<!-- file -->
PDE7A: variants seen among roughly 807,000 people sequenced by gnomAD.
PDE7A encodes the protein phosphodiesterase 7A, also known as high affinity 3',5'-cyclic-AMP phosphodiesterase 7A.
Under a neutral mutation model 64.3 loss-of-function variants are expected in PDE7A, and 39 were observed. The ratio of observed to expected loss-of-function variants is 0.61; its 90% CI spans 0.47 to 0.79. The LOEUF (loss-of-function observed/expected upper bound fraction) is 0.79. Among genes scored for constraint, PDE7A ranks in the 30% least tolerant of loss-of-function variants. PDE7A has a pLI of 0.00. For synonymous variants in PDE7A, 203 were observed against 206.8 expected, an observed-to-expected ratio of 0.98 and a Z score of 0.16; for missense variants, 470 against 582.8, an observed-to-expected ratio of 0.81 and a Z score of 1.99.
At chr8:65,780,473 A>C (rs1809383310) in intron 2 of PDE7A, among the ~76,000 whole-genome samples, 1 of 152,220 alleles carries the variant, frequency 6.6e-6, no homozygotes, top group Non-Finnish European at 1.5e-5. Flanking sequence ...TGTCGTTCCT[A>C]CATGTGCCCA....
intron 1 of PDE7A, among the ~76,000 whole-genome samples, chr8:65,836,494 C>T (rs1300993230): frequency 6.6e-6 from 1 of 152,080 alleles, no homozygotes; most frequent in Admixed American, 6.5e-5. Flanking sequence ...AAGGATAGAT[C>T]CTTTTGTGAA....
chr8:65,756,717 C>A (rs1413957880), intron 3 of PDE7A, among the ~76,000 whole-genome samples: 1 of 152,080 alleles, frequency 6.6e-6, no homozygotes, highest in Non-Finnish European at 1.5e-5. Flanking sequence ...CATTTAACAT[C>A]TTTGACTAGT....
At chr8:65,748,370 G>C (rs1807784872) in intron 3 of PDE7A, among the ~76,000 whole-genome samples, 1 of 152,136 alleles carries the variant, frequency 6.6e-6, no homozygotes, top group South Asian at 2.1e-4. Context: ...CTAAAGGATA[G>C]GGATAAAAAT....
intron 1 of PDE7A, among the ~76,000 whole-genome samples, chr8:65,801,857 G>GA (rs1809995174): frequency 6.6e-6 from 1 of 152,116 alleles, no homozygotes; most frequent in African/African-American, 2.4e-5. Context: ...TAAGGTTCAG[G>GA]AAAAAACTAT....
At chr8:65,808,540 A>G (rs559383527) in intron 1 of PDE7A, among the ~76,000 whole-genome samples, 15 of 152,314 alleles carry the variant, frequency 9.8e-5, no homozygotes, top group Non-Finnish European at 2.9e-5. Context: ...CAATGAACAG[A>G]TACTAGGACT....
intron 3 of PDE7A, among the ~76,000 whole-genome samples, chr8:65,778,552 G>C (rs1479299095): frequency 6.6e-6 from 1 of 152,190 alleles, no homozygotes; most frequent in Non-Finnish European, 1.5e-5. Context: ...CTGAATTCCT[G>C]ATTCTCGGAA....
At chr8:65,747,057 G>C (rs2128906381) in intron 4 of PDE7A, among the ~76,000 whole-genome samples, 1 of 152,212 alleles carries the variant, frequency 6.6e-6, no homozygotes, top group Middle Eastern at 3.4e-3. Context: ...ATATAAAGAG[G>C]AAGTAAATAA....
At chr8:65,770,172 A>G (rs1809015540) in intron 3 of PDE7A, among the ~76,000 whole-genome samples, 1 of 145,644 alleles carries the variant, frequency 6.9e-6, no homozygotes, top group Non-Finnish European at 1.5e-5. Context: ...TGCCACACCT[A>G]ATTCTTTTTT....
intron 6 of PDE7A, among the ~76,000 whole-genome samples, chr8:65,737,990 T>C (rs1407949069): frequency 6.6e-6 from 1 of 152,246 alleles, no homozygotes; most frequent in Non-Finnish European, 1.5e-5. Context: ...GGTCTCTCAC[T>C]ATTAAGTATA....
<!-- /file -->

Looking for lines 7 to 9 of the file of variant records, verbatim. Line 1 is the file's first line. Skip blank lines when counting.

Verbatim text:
At chr8:65,748,370 G>C (rs1807784872) in intron 3 of PDE7A, among the ~76,000 whole-genome samples, 1 of 152,136 alleles carries the variant, frequency 6.6e-6, no homozygotes, top group South Asian at 2.1e-4. Context: ...CTAAAGGATA[G>C]GGATAAAAAT....
intron 1 of PDE7A, among the ~76,000 whole-genome samples, chr8:65,801,857 G>GA (rs1809995174): frequency 6.6e-6 from 1 of 152,116 alleles, no homozygotes; most frequent in African/African-American, 2.4e-5. Context: ...TAAGGTTCAG[G>GA]AAAAAACTAT....
At chr8:65,808,540 A>G (rs559383527) in intron 1 of PDE7A, among the ~76,000 whole-genome samples, 15 of 152,314 alleles carry the variant, frequency 9.8e-5, no homozygotes, top group Non-Finnish European at 2.9e-5. Context: ...CAATGAACAG[A>G]TACTAGGACT....